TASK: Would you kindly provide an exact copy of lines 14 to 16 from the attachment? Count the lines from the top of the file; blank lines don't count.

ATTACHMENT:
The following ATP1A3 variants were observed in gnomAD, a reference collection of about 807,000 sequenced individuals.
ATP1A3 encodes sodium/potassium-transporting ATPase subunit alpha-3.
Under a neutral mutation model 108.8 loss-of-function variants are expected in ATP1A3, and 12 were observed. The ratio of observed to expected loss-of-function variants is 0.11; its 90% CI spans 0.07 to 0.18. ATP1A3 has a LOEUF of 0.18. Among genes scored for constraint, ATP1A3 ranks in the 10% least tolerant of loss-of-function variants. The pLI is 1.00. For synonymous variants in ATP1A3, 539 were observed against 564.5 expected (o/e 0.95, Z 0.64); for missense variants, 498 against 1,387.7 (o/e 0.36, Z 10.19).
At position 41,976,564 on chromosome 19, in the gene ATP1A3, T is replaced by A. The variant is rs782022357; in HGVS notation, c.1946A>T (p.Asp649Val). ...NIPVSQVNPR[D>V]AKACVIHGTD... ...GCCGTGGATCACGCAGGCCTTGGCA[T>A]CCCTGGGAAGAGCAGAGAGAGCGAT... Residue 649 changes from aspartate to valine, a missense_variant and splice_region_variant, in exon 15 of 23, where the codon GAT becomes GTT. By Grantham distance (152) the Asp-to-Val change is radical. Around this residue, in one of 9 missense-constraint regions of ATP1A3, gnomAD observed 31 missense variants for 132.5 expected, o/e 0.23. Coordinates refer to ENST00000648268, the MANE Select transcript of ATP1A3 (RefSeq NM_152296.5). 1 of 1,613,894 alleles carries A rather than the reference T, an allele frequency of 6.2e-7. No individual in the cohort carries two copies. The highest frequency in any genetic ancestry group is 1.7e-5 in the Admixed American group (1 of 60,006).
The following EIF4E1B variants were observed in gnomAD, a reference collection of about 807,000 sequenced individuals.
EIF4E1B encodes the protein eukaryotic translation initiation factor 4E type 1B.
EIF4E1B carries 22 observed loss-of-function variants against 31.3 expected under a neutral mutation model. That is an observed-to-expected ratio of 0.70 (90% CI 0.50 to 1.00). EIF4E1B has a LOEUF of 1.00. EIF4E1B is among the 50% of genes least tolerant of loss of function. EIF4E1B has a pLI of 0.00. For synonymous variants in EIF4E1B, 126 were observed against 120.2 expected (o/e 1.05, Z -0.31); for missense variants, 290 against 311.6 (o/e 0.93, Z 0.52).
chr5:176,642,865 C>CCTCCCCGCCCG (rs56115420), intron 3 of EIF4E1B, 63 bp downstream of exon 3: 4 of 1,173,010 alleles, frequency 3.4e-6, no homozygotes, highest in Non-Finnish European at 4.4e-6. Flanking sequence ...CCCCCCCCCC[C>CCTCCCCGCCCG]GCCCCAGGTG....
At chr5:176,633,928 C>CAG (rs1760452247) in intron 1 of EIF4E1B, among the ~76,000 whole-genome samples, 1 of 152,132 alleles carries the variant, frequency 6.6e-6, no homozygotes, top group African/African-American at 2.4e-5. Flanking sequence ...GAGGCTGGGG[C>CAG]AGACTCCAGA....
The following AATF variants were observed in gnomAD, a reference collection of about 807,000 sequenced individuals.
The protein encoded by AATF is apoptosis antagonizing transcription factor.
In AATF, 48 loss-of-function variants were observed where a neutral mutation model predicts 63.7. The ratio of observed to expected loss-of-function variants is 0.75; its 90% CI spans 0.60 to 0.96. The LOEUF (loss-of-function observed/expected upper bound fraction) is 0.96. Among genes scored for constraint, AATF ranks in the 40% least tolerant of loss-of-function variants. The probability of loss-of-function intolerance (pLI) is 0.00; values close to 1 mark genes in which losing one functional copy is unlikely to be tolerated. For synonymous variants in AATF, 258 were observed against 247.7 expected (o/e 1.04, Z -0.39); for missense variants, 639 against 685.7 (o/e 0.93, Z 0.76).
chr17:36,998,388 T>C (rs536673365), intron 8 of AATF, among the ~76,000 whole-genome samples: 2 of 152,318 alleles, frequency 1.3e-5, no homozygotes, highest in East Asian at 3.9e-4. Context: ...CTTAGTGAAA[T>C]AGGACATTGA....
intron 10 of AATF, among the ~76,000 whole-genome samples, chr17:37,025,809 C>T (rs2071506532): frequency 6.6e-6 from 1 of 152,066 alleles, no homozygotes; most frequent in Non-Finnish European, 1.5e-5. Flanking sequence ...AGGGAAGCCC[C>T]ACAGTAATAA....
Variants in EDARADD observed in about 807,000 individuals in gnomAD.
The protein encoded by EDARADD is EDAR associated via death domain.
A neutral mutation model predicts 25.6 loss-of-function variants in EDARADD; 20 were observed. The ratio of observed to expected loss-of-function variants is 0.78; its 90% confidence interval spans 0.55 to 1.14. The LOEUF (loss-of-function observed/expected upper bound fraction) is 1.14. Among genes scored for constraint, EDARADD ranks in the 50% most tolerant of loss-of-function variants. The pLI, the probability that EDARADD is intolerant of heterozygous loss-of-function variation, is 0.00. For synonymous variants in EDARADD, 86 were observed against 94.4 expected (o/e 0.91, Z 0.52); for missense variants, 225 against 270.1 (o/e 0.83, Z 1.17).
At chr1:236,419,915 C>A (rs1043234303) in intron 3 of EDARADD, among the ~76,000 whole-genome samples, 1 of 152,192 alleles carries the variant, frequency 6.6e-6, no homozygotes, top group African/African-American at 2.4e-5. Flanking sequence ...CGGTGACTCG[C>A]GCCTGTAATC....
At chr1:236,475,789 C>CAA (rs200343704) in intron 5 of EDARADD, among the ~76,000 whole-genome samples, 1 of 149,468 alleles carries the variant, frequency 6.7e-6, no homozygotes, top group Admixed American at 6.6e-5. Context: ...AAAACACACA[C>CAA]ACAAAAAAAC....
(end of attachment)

intron 10 of AATF, among the ~76,000 whole-genome samples, chr17:37,025,809 C>T (rs2071506532): frequency 6.6e-6 from 1 of 152,066 alleles, no homozygotes; most frequent in Non-Finnish European, 1.5e-5. Flanking sequence ...AGGGAAGCCC[C>T]ACAGTAATAA....
Variants in EDARADD observed in about 807,000 individuals in gnomAD.
The protein encoded by EDARADD is EDAR associated via death domain.